One wall contains my design wall which is 6 ft. high x 9 ft. wide. My sewing machine has some drawer storage below it and then I have room for two craft tables that are 3 ft. wide x 6 feet long. Both of these tables are collapsible and easily moved so they are convenient to store when I’m not using them or move them into whatever configuration I need for the task at hand.
What are the indispensable tools and materials in your studio? How do they improve your work?
My tools and materials are pretty basic – a non-computerized sewing machine, fabric, thread, etc.
Aside from having the working space of my two large tables, I would say the most important aspect of my studio is my design wall. I love the larger size so I have plenty of room for whichever project I am working on as well as space to audition fabrics next to my work in progress.
Being able to step back and see what you are doing straight on, as opposed to looking at something from an angle on the floor, is very important when considering my compositions and trying to decide what works.
How often do you start a new project? Do you work actively on more than one project at a time?
It takes me approximately 4-6 weeks to complete a project, depending on what is going on in my life at the time. I never work on more than one project at a time. If I am lucky, I may have two or three ideas waiting to be worked on with a quick sketch on a piece of paper or a key fabric set aside.
Can you tell us about the inspiration and process of one of your works? How does a new work come about?
My current project was inspired by a trip to the mountains and the view from a picnic site. As I thought about this image and how I might want to portray it, I came across some large scale fabric prints that I had collected years ago. The scale of these prints seemed perfect for what I had in mind, a rather large and vertical portrayal of aspens.
From that idea, I played with a few sketches, deciding on the exact dimensions and composition of my piece. The beauty of working with trees and nature inspired subjects is that I can create the landscape to suit my vision, hopefully creating a successful composition.
Which part of the design process is your favorite? Which part is a challenge for you?
My favorite part of my process is cutting out the fabrics, pinning them to my design wall and seeing my design take shape. No matter how much I think I know what it will look like, there is always something that surprises me along the way.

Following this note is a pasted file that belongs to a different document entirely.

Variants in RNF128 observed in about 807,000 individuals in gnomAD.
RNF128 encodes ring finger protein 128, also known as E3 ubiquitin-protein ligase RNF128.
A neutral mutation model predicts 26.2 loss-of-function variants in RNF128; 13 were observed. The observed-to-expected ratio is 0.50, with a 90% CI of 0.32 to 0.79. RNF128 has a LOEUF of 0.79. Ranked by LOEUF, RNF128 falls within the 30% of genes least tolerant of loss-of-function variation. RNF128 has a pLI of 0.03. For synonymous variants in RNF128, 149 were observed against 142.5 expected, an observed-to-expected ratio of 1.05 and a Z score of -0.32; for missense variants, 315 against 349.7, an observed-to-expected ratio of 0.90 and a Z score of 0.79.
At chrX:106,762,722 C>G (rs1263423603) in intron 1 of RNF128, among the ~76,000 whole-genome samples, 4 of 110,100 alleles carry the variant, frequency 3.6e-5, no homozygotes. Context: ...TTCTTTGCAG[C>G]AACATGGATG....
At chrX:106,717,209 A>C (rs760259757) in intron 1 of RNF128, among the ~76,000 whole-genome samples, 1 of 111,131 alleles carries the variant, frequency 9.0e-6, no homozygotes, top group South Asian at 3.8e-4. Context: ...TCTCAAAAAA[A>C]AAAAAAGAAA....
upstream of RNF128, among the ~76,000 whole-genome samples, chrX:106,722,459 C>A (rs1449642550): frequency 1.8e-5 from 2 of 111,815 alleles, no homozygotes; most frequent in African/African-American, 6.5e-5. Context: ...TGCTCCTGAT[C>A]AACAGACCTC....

The most challenging part of a project for me is the quilting of the artwork at the end. I free-motion quilt all my work so it takes some concentration and a steady hand, not a very relaxing or enjoyable task for me.
How do you know when a piece or project is finished and needs no additional work?
I have learned that what best works for me is to walk away from my design wall after I have cut out all my fabrics and made all my creative choices.
I come back the next day, before I start sewing everything together, and look at it with fresh eyes to see if everything looks right or if a change is needed.
How does your environment influence your creativity?
In every way that I can think of, from the minute I look out my kitchen window first thing in the morning to all my tasks as I go about my day.
I am always watching the trees and the sky as the light and seasons change. As I travel, I am always watching the landscape.
Do you critique your own work? What is your process?
I always critique my own work though I find it very rewarding to belong to a critique group.
What’s the best piece of advice you’ve received?
Follow your own voice. And the one that always makes me smile since I frequently forget: it’s ok to use both sides of the fabric – you’ve paid for it.
Where can people see your work?
They can see my work on my website, www.lindabeachartquilts.com . I also work with Artful Home, Linda Beach Fiber Artist | Artful Home. I post work in progress on both my Facebook Page, Linda Beach Art Quilts and Instagram, lindabeachartquilts.
Interview posted August 2023